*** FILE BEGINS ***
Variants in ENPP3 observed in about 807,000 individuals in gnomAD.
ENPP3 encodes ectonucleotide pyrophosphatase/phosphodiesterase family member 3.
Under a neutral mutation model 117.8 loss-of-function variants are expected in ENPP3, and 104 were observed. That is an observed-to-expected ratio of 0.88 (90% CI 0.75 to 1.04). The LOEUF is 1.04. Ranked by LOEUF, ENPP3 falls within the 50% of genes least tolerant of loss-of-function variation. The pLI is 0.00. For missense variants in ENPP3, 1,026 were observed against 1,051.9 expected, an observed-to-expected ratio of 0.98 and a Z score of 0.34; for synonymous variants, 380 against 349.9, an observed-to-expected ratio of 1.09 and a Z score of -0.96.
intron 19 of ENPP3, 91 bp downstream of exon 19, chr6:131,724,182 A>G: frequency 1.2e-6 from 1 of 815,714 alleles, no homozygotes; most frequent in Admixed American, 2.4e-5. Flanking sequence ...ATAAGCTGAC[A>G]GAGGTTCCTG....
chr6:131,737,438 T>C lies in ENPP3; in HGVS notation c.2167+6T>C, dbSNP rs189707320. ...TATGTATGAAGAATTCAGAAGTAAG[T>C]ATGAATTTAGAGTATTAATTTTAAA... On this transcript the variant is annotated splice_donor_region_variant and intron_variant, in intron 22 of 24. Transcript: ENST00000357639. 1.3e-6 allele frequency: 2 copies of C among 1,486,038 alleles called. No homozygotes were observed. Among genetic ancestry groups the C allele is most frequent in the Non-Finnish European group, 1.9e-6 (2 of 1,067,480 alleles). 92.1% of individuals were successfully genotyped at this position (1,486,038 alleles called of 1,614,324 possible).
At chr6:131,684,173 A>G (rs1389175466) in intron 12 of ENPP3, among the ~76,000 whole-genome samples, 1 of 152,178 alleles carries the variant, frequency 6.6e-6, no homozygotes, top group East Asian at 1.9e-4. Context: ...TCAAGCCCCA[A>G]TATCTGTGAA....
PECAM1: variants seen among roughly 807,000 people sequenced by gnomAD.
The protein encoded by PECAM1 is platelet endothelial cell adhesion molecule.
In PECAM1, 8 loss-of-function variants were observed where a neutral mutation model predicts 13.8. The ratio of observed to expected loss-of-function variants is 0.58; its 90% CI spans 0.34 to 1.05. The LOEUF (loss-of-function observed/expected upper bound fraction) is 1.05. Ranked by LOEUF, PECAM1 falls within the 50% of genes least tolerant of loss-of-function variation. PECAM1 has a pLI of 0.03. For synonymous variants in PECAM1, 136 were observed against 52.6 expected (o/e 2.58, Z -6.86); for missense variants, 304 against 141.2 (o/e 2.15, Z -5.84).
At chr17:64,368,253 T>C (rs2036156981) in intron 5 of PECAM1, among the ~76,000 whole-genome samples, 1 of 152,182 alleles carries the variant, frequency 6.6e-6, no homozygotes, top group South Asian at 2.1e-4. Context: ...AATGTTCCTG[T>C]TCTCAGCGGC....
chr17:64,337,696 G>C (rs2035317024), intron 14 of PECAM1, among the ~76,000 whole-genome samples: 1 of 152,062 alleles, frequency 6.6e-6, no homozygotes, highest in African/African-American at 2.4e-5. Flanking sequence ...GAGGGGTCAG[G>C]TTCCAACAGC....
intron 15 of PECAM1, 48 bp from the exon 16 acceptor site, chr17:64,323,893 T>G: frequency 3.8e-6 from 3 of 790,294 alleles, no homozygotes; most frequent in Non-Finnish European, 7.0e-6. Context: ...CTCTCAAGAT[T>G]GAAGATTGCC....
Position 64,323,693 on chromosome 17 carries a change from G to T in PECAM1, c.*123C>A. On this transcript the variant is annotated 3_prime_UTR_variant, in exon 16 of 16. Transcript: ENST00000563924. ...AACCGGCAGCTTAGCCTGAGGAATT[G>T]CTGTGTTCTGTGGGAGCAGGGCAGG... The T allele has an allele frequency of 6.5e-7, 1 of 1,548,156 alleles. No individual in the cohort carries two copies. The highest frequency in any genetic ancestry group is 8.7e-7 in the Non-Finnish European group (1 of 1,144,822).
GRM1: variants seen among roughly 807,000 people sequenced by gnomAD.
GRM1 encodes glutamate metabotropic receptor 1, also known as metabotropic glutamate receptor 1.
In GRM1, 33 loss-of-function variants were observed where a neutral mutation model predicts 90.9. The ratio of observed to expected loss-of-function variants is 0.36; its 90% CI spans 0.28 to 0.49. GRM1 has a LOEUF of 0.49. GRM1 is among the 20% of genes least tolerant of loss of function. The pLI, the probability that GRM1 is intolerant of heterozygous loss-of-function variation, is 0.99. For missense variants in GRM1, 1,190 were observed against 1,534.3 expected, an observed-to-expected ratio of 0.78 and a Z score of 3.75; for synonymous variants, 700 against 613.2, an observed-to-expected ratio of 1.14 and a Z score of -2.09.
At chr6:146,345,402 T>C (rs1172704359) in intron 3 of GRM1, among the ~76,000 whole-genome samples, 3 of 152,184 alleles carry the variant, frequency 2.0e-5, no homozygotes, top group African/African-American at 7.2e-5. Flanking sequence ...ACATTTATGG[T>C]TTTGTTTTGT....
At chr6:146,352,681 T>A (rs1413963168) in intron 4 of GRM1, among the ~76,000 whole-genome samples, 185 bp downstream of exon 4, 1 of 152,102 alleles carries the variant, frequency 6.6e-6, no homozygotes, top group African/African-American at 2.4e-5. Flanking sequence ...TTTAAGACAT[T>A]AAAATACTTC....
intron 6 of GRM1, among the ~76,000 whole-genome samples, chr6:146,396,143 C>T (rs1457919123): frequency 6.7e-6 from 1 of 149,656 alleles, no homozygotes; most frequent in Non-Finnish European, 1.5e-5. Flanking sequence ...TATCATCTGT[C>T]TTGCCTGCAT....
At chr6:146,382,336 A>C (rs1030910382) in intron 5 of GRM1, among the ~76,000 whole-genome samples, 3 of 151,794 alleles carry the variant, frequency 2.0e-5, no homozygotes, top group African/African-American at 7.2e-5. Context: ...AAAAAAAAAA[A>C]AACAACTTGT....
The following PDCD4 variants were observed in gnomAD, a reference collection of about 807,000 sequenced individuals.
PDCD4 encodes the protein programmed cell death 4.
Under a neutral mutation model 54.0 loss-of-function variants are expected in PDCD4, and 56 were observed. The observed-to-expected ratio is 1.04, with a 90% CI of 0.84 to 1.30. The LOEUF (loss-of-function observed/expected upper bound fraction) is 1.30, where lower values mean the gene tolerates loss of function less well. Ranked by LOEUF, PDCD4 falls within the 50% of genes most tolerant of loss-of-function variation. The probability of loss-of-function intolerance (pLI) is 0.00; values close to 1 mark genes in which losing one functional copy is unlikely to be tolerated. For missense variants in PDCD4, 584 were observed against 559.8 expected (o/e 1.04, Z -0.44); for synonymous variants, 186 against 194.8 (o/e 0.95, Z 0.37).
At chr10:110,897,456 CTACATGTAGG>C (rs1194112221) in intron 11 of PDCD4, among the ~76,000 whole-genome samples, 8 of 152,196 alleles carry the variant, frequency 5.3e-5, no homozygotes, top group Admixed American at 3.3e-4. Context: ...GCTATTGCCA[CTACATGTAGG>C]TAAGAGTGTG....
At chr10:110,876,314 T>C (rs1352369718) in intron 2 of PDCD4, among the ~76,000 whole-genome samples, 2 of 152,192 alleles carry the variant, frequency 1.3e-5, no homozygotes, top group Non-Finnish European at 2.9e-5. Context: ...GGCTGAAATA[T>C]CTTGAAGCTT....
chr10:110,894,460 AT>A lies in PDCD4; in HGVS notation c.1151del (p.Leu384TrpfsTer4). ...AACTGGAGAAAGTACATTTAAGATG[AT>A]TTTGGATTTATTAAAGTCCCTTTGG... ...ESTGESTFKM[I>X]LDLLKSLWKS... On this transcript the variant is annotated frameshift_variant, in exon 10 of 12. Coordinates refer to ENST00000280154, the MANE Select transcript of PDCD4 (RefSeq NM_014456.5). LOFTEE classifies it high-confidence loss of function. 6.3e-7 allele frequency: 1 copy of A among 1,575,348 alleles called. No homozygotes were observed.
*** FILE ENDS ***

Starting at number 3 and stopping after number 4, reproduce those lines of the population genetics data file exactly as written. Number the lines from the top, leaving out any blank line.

Under a neutral mutation model 117.8 loss-of-function variants are expected in ENPP3, and 104 were observed. That is an observed-to-expected ratio of 0.88 (90% CI 0.75 to 1.04). The LOEUF is 1.04. Ranked by LOEUF, ENPP3 falls within the 50% of genes least tolerant of loss-of-function variation. The pLI is 0.00. For missense variants in ENPP3, 1,026 were observed against 1,051.9 expected, an observed-to-expected ratio of 0.98 and a Z score of 0.34; for synonymous variants, 380 against 349.9, an observed-to-expected ratio of 1.09 and a Z score of -0.96.
intron 19 of ENPP3, 91 bp downstream of exon 19, chr6:131,724,182 A>G: frequency 1.2e-6 from 1 of 815,714 alleles, no homozygotes; most frequent in Admixed American, 2.4e-5. Flanking sequence ...ATAAGCTGAC[A>G]GAGGTTCCTG....